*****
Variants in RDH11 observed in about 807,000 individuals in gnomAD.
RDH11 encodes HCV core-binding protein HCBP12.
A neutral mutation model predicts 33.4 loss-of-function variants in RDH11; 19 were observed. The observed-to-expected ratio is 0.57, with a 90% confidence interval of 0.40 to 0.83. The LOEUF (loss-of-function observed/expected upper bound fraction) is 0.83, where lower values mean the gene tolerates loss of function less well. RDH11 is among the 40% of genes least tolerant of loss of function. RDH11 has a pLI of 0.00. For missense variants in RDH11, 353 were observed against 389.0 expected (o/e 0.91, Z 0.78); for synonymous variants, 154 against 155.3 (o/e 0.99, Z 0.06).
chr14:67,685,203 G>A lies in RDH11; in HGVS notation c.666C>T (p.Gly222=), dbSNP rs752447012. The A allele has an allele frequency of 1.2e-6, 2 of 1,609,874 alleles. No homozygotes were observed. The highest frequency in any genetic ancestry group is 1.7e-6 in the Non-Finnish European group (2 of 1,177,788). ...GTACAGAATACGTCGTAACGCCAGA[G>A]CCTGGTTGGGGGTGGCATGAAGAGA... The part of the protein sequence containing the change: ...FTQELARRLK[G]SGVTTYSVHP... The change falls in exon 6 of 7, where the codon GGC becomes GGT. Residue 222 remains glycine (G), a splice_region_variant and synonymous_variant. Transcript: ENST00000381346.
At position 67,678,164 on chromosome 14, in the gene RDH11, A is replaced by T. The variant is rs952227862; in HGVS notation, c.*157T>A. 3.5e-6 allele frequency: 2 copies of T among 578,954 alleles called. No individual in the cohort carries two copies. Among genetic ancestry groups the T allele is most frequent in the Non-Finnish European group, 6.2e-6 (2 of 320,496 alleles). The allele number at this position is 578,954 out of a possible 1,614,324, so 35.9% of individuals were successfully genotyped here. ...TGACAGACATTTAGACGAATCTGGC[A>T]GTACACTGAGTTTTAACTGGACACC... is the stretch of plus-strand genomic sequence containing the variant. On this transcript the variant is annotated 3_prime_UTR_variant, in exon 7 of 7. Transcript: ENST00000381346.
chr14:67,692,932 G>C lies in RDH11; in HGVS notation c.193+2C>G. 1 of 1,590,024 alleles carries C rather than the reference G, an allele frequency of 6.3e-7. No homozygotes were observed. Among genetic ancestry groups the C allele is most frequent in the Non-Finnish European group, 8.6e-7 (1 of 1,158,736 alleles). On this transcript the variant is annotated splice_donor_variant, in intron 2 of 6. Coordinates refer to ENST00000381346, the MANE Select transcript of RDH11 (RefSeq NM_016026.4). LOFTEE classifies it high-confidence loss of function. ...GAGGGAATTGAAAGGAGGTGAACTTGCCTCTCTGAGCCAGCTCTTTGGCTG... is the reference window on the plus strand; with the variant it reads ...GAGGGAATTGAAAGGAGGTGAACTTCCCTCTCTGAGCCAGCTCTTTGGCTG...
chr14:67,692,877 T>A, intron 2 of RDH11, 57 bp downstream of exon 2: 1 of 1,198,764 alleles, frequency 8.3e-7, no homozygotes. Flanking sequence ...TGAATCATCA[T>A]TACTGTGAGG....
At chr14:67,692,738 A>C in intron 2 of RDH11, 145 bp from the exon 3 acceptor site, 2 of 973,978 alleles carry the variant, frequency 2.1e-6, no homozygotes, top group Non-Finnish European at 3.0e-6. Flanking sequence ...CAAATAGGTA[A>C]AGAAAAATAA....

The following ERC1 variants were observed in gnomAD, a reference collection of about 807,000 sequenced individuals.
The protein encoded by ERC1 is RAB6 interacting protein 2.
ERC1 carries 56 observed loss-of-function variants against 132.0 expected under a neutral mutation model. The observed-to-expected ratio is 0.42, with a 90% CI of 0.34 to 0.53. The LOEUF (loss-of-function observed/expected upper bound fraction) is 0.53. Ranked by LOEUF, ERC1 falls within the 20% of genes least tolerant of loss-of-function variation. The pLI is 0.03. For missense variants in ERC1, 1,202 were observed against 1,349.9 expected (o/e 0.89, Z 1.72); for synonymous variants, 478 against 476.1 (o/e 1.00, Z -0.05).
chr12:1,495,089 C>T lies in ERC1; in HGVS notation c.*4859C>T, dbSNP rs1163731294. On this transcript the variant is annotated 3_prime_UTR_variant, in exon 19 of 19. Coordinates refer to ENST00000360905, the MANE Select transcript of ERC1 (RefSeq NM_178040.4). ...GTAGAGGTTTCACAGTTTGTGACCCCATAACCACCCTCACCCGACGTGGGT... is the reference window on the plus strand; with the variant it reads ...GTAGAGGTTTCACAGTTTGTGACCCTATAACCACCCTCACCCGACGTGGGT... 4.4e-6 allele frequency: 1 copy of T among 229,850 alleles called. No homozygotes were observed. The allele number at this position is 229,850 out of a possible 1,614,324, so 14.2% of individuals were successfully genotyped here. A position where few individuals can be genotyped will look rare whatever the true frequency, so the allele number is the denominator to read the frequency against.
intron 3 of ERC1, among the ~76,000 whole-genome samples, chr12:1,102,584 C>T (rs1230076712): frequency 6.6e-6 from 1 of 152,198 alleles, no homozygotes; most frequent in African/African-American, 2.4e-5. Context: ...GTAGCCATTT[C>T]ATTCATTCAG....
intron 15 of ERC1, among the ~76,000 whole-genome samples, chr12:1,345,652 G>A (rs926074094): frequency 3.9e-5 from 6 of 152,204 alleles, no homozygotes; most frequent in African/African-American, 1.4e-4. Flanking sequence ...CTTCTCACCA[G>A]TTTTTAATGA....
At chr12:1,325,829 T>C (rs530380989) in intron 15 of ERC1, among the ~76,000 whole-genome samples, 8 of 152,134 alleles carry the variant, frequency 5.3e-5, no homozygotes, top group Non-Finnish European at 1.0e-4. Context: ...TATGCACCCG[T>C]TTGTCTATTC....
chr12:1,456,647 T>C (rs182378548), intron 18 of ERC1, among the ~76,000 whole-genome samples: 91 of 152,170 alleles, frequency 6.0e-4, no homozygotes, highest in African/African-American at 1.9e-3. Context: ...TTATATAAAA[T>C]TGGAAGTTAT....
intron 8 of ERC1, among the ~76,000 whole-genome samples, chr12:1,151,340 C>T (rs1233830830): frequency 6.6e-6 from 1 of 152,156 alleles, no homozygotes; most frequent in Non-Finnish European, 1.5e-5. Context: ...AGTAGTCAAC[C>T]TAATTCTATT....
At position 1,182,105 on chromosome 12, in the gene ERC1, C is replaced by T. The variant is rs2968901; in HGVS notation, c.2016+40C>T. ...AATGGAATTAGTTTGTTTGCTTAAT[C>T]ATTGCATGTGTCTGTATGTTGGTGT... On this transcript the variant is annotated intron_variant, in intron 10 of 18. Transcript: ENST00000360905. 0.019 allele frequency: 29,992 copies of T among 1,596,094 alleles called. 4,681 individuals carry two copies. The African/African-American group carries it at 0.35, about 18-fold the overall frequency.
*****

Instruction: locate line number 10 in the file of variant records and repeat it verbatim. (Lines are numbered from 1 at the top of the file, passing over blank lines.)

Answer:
The protein encoded by ERC1 is RAB6 interacting protein 2.